Bridging Neoliberal Loneliness and Hippie Communes–A Role for Church? (Audio, Brueggemann 5)

The cat makes an appearance in this last video on Walter Brueggeman’s The Prophetic Imagination. I speculate on what a church would look like, and what it could do,if it re-imagined what it was for. I argue that churches and other religious institutions could be half-way houses between liberalism/capitalism and the dreaded and outdated hippie commune. … More Bridging Neoliberal Loneliness and Hippie Communes–A Role for Church? (Audio, Brueggemann 5)

Bridging Neoliberal Loneliness and Hippie Communes–A Role for Church? (Brueggemann 5)

The cat makes an appearance in this last video on Walter Brueggeman’s The Prophetic Imagination. I speculate on what a church would look like, and what it could do,if it re-imagined what it was for. I argue that churches and other religious institutions could be half-way houses between liberalism/capitalism and the dreaded and outdated hippie commune.

I’ll be moving on to McKenzie Wark’s book https://www.versobooks.com/books/3056-capital-is-dead
in the next video.
More Bridging Neoliberal Loneliness and Hippie Communes–A Role for Church? (Brueggemann 5)

Rethinking the Christian Contribution: Walter Brueggemann’s Imagination

I introduce some of theologian Walter Brueggemann’s themes in his classic “The Prophetic Imagination,” discussing some of the ways we can avail ourselves of a common narrative to try to gain some freedom against oppression, whether of the old-style Pharoah or the new version of less visible but very powerful economic and political forces that keep people working for an agenda they wouldn’t naturally choose. Through Brueggemann’s eyes, we are living in the imagination of “Royal consciousness” but we could be living in the imagination of God. What does this mean, not just for Christians, but generally for people who are trying to find some way to push back and gain some freedom? … More Rethinking the Christian Contribution: Walter Brueggemann’s Imagination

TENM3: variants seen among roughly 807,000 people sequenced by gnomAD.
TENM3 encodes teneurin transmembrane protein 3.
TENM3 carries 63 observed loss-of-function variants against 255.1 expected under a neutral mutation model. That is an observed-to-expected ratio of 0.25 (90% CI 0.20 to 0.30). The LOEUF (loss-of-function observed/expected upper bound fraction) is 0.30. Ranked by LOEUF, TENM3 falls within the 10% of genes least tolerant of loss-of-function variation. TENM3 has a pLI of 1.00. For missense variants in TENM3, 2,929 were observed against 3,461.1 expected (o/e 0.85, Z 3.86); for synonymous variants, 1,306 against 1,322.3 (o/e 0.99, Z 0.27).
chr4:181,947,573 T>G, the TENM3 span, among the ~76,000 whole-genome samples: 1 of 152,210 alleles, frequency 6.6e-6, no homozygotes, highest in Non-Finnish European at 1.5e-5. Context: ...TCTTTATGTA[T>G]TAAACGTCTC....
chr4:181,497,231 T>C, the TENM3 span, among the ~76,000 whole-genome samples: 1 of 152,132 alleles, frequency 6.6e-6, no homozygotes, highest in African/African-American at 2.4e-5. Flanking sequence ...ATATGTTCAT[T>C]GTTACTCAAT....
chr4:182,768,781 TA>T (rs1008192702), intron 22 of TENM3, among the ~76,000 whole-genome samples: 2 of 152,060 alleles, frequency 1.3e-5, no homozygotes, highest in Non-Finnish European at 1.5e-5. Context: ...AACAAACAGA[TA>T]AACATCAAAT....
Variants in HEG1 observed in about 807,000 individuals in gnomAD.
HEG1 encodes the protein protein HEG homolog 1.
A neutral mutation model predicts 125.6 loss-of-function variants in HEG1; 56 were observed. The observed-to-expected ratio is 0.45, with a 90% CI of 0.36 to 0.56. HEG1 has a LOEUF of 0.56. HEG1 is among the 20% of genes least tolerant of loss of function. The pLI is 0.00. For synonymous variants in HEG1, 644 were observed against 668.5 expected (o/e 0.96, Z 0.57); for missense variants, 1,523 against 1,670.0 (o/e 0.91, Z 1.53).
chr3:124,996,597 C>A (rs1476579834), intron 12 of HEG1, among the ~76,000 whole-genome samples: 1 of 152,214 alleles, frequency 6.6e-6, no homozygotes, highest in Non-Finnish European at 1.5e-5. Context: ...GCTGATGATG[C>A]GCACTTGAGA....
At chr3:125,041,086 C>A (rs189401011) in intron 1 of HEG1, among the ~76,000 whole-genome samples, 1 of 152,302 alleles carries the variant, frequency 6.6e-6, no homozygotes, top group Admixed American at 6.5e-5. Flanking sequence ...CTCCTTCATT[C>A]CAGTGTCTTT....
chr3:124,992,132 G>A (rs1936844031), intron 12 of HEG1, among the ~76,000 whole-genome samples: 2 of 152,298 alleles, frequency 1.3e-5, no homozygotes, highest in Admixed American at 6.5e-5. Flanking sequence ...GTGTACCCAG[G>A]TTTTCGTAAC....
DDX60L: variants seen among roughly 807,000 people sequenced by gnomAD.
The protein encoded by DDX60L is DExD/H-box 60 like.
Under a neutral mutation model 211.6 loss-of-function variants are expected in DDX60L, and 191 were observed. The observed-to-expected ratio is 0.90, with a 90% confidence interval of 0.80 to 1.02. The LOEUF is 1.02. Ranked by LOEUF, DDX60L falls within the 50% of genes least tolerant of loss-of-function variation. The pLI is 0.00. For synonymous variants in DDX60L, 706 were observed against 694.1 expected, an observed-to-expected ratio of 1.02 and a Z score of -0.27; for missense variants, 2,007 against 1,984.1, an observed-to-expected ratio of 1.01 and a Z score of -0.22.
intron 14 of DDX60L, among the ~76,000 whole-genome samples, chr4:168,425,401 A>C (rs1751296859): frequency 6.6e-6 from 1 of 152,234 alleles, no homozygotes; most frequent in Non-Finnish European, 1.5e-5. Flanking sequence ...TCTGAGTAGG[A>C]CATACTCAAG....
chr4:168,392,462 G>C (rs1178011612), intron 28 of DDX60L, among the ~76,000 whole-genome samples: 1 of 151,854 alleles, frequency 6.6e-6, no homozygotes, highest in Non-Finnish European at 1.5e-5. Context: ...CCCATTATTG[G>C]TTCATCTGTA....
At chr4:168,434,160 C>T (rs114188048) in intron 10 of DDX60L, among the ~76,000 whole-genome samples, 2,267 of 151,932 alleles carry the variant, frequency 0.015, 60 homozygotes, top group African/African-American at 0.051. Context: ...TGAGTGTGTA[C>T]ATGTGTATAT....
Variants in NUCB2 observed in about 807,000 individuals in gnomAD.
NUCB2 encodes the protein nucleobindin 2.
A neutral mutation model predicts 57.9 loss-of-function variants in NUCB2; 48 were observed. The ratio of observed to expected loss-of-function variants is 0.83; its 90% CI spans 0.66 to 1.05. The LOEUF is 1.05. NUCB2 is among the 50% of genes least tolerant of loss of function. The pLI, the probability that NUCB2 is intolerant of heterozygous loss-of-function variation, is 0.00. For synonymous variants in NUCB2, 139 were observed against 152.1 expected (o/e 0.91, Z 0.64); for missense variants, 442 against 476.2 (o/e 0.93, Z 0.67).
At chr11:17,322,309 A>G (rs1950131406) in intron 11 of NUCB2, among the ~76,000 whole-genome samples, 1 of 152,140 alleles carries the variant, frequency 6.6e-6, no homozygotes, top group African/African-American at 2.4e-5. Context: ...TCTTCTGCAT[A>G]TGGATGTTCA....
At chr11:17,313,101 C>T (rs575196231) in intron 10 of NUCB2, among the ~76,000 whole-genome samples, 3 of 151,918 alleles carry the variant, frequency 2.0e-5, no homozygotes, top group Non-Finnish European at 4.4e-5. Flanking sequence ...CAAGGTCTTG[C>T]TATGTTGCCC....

Unsafe and Alive in Zizek’s Post-Ideology (Dreaming Dangerously 5, audio)

I return to an interpretation of Zizek, The Year of Dreaming Dangerously, this time chapter 5: “Welcome to the Desert of Post-Ideology.” Zizek, through Lacan, distinguishes the controlled pleasures of capitalistic rationalism from the excessive enjoyment of the unsafe smoker and pointless rioter, and then evaluates what things like the UK riots of 2011 mean for advanced capitalism. … More Unsafe and Alive in Zizek’s Post-Ideology (Dreaming Dangerously 5, audio)

Not Jordan Peterson’s Carl Jung (A Reading From My New Book)

From Jung, After the Catastrophe: “Thanks to industrialization, large portions of the population were up-rooted and were herded together in large centres. This new form of existence—with its mass psychology and social dependence on the fluctuations of markets and wages—produced an individual who was unstable, insecure, and suggestible. He was aware that his life depended on boards of directors and captains of industry, and he supposed, rightly or wrongly, that they were chiefly motivated by financial interests. He knew that, no matter how conscientiously he worked, he could still fall a victim at any moment to economic changes which were utterly beyond his control. And there was nothing else for him to rely on.” … More Not Jordan Peterson’s Carl Jung (A Reading From My New Book)